Ubuntu Part Two.

July 3, 2006

A few months ago, I downloaded Ubuntu and I had trouble with the download right off the bat.  I ended up going with a Debian distro.  I played around with that for a while, but it really didn’t give me what I was looking for at the time.

Last week, I picked up a book on Ubuntu that came with a distro disk.  I’m going to install it on a computer and since I have entirely different reasons this time for using Linux, I suspect I will stick with it for a while.

You see, I’m having security problems with my Windows machines.  I’ve had two worm attacks in the last two months.  I took care of both worms, but the last one has damaged the infected operating system so badly, that I’m going to have to nuke the drive and do a fresh install.  I should have no data loss though, just time. 

This brings me back to Linux.  If I can get proficient enough with it, I’ll try to set up a box as a firewall coming into my network.  In the meantime, though, I just want to have a box I can use in case I have some sort of Windows Armageddon where all of my Windows boxes go down at once.  That would be crazy bad.  At least if I have one Linux box and my iMac upstairs, life will go on.  For example, I could still do Friday Night Party Line by hosting Skype on OSX and recording it the Linux box in Audacity.  Email, word processing and everything else is a piece of cake!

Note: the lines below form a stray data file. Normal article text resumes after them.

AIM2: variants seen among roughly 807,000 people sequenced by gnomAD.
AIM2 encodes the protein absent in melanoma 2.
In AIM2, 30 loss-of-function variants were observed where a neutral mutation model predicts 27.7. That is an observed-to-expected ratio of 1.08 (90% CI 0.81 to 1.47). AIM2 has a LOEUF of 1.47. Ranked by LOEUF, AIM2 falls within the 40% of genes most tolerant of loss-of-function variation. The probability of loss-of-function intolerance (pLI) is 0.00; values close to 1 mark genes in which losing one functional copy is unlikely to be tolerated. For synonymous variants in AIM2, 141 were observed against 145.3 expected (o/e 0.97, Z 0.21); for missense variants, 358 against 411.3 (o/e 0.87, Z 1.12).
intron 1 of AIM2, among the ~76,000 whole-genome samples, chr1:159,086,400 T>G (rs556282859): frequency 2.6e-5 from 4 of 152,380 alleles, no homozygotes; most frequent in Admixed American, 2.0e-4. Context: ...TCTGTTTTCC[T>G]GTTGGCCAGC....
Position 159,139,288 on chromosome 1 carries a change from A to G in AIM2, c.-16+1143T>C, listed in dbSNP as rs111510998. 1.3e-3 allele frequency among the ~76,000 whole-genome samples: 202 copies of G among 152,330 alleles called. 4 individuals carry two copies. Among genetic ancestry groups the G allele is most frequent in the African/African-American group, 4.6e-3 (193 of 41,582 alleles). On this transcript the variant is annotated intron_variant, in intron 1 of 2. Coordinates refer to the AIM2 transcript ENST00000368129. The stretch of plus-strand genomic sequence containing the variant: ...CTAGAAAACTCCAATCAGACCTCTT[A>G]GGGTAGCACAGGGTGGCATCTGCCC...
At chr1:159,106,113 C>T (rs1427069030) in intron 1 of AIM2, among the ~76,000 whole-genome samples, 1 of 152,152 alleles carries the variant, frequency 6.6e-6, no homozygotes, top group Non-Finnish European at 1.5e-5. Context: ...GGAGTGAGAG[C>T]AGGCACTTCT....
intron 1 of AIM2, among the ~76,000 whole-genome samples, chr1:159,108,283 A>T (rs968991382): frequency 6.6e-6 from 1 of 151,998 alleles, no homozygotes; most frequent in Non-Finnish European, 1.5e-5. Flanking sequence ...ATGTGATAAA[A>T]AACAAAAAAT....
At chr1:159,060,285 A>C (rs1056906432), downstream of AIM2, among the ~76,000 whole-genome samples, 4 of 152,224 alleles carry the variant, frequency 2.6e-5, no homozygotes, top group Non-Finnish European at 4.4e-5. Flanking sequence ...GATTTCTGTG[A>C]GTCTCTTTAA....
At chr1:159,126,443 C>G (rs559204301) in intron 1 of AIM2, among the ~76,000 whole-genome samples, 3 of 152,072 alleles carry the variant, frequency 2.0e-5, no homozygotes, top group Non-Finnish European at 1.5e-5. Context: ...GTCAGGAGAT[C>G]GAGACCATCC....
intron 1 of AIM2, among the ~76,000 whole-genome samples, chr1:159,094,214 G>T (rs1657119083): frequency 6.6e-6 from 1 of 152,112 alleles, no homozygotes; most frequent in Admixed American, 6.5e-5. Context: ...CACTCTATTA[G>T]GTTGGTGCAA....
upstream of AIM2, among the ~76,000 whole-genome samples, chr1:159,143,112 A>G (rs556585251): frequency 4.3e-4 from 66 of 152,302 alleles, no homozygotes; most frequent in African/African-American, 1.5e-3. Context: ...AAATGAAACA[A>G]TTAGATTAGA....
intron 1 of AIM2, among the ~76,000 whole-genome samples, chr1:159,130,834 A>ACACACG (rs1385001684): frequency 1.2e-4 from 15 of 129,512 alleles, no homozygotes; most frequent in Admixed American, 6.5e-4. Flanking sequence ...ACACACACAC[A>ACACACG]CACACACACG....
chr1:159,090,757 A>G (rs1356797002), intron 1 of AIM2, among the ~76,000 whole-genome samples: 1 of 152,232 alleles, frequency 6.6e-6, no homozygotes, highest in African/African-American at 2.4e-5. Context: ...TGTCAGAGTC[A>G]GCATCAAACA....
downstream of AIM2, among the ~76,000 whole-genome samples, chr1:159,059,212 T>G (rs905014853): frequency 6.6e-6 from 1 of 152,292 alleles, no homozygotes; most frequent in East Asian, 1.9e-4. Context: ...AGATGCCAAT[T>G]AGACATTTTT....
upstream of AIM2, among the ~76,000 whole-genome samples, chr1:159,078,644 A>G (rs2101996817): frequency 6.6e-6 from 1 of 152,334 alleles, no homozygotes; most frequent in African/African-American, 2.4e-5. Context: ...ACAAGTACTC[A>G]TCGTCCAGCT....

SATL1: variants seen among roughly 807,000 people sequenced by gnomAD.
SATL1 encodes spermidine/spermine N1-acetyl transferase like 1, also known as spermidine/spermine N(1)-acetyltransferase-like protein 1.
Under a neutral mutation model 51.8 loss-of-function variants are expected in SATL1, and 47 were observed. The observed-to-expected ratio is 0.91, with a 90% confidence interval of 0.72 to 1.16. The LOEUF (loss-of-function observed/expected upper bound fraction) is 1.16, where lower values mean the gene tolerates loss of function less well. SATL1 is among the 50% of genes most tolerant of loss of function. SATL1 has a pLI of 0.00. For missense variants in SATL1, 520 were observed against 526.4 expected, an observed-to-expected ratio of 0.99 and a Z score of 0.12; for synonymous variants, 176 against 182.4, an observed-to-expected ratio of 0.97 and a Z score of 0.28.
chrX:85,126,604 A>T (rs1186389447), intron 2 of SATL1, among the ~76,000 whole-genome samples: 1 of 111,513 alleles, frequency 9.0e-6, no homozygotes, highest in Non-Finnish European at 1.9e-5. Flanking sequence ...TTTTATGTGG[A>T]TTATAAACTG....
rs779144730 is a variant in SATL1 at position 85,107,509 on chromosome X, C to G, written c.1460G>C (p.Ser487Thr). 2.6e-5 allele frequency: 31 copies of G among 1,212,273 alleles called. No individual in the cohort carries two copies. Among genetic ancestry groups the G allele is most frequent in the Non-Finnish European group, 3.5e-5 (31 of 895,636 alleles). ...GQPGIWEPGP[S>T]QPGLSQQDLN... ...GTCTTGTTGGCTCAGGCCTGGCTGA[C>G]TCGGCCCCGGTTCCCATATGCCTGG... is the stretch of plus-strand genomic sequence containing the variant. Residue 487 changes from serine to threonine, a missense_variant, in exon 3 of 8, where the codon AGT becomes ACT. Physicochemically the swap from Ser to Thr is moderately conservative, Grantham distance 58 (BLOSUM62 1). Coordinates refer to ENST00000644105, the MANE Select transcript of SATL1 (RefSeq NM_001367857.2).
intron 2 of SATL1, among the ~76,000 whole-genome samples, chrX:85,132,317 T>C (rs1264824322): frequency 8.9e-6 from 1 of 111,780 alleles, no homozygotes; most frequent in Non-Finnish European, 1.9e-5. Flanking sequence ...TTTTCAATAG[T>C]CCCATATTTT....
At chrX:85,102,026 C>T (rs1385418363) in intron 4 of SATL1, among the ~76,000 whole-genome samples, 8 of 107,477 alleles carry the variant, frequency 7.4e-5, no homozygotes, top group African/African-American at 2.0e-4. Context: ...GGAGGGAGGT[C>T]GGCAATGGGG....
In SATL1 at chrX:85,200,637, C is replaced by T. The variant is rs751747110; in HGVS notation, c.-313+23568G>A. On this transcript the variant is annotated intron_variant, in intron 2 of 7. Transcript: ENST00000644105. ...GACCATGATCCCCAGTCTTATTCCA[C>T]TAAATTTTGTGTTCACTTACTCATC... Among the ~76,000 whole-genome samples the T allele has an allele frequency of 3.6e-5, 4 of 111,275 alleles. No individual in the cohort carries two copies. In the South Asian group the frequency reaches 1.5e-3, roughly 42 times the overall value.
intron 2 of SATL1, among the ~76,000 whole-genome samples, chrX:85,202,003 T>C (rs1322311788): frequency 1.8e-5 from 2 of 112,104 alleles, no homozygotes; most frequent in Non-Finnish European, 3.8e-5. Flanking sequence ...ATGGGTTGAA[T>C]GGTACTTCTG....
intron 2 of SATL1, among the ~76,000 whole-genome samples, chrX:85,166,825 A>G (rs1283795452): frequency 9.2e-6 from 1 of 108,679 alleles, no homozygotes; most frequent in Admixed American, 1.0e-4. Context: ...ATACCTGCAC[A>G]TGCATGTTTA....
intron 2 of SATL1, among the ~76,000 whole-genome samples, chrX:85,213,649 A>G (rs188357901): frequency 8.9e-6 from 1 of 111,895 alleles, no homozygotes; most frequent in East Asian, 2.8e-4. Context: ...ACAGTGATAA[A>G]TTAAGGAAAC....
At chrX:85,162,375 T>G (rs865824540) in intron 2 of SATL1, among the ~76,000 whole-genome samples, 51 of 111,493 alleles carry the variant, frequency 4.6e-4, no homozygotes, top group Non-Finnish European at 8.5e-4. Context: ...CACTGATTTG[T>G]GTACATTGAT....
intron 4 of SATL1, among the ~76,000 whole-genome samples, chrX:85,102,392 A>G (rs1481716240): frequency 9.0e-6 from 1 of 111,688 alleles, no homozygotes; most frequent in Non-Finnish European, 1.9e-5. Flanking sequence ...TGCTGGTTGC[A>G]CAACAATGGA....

Of course it probably won’t play Oblivion.  Curse my moment of weakness in picking up this beautiful game. 


2 Responses to “Ubuntu Part Two.”

  1. Marc Says:

    Make it dual boot Windows and Linux if you want to play games in Windows. Install Windows first and then Linux and a good Linux distro like Ubuntu should take care of setting up a nice GRUB boot menu to let you choose between the two.

    I run Ubuntu myself. I switched to it after the Windows machine that served as my print server got so wanky that it would seemingly BSOD every time it received a network packet. The printer was never available. Switched to Ubuntu and I’ve never looked back.

    I’ve never used it as a firewall because I have a WRT54G, but I’m pretty sure that once you get Ubuntu going you can apt-get install firestarter and you will get a nice GUI for setting up iptables.

    Good luck!

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